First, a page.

From Texas to New Mexico to California, folks are making it their mission to rejuvenate the places that represent their roots.
Editor's Note: Real Stories is a three-part series from our January 2020 design feature depicting real transformations of historic havens in the American West.
When the eccentric Swiss-German aeronaut Ernie Blake flew over the mountains of Northern New Mexico in the 1950s, he couldn’t have known the lasting influence he would impart upon the historic area. Today, more than 60 years after the World War II hero and Nazi interrogator carved runs out of the Sangre de Cristo Mountains and founded the Swiss Alps-inspired Taos Ski Valley, his brainchild is going through a renaissance.
In the three-pointed star that is the 1,000-year-old Taos Pueblo, the Spanish Colonial town, and the slopes, Taos Ski Valley has long been known as a Northern New Mexico gem. Now it is renewing its vows to the area’s heritage with a grand vision of unification.
Bottling that alchemy is the new upscale Blake Hotel. A sugar-crusted Alpine wonderland on the outside and a rich, earthy tapestry on the inside, it weaves together a number of different elements. As the pièce de résistance of the multimillion-dollar revitalization of the ski valley’s core village and mountains, its statement is: We are not just Taos Ski Valley. We are Taos.
That declaration includes the Native American history, the gory Spanish missionary past, the nostalgic Bavarian charm, the après-ski party vibe, and a whimsical je ne sais quoi that could be attributed to Blake’s own ghost. It is all of these things and, magically, somehow more than the sum of its parts.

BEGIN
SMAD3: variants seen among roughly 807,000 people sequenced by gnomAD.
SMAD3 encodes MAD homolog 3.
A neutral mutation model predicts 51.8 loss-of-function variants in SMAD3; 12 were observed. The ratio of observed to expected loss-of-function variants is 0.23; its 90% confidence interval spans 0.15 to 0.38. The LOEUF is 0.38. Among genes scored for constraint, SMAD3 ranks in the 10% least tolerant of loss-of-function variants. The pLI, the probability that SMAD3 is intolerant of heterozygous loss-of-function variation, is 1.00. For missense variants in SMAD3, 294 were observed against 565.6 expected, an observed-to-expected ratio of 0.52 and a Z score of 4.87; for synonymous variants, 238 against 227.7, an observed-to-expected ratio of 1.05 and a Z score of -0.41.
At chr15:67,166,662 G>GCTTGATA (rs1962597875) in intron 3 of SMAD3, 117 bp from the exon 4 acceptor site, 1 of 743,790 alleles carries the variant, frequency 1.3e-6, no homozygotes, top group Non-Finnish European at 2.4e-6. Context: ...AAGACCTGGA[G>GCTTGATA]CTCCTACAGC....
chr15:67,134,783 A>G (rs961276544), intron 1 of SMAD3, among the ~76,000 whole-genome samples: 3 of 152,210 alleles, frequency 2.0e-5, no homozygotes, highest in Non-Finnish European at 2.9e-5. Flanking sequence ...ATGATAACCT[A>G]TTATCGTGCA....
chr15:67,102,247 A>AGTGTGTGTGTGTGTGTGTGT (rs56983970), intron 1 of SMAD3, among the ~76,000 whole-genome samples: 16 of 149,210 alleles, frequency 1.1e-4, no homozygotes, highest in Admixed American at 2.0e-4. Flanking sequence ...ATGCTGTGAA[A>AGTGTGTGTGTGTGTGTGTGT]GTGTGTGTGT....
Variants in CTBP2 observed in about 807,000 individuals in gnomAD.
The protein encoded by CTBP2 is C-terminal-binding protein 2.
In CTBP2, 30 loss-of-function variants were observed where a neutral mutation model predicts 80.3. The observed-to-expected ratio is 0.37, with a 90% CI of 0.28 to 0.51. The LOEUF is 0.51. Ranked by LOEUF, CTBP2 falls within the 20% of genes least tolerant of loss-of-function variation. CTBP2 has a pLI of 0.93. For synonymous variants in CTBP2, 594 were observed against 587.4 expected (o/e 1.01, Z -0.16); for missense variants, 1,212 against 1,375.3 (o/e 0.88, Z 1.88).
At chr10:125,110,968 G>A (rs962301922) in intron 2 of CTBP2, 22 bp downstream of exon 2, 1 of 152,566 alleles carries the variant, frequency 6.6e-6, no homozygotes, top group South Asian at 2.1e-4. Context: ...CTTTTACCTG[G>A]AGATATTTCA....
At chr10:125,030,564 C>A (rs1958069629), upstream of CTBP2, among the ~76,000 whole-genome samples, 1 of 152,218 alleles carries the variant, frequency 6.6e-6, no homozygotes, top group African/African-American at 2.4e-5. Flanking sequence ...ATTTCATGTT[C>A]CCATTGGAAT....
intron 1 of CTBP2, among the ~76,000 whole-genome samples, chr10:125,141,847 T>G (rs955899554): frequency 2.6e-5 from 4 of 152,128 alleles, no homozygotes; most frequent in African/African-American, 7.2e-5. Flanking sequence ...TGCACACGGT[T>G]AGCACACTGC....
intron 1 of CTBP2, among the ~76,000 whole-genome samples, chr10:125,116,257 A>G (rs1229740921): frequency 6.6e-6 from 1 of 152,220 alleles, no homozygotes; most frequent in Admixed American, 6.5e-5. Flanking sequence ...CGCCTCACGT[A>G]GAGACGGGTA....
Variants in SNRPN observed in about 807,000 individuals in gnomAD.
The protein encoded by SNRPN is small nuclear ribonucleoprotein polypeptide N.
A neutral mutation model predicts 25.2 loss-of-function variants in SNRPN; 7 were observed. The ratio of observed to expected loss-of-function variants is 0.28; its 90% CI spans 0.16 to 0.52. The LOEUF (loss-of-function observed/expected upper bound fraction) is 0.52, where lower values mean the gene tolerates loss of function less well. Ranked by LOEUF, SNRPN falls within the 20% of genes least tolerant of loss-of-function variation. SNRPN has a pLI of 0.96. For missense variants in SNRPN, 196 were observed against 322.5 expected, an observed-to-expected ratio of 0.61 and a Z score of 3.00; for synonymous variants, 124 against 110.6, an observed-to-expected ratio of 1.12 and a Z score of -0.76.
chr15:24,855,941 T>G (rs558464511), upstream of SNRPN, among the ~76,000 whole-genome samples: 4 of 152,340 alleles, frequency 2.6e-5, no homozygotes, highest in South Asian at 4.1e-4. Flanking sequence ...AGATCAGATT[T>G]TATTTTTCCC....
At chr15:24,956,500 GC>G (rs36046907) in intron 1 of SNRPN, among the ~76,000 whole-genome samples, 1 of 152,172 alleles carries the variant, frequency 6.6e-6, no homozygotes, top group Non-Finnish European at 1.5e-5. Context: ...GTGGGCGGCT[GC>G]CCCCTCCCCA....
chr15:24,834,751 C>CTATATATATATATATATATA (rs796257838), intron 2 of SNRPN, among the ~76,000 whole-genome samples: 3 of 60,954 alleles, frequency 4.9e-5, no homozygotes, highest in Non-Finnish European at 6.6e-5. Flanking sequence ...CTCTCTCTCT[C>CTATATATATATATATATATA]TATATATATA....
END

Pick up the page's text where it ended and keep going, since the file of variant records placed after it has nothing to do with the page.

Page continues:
In the Blake, Jet Zarkadas and Jennifer Wilson of the Santa Fe-based Los Griegos Studio curated a colossal, off-kilter, yet pleasing and cohesive art collection. Blankets inspired by traditional Pueblo women’s garb in the foyer; a set of neon antlers in the bathroom; Hollywood starlet-inspired pop “ski girls” on one wall and rare, historic photographs of the Pueblo on others; a shadow box full of antique ski goggles; an enigmatic mixed media sculpture of “Little Jimmy.”
Everything in the hotel has a connection to the place.
“We wanted to tell a story,” Zarkadas says. “You could have a boutique art hotel anywhere in the world, but you can only have this hotel here.”
In an effort to represent, include, and be truthful, several pieces were offered for close scrutiny by the Pueblo. One photograph thought to represent a sacred kiva (a room where rituals are performed) was almost removed. But an anthropologist investigated the matter and determined the photo actually depicted a non-sacred storage facility, so the photograph was kept and the description rewritten.
Through this commitment to inclusion, a friendship was struck with the Pueblo: The Blake catered a party for the tribe and took payment not by check but in a member of the Pueblo’s bison herd — which their restaurant, 192, served to customers for the next six months. It was the Pueblo’s first trade with a nontribal member.
“It was important to the Pueblo, in the way we identified these selections, that we get all of it right,” Steven Rose, director of residential planning for Taos Ski Valley, says. “There were pieces we had to revise or give context to. There was one piece we decided not to display. That was important.”
“We don’t have art just to have art,” Eduardo Sampere, the hotel’s general manager, adds. “We want people to understand Taos and see the connections. We wanted to be what Taos already was — a place where people care for each other.”
More from our design feature
Photography: Courtesy Taos Ski Valley
From our January 2020 issue.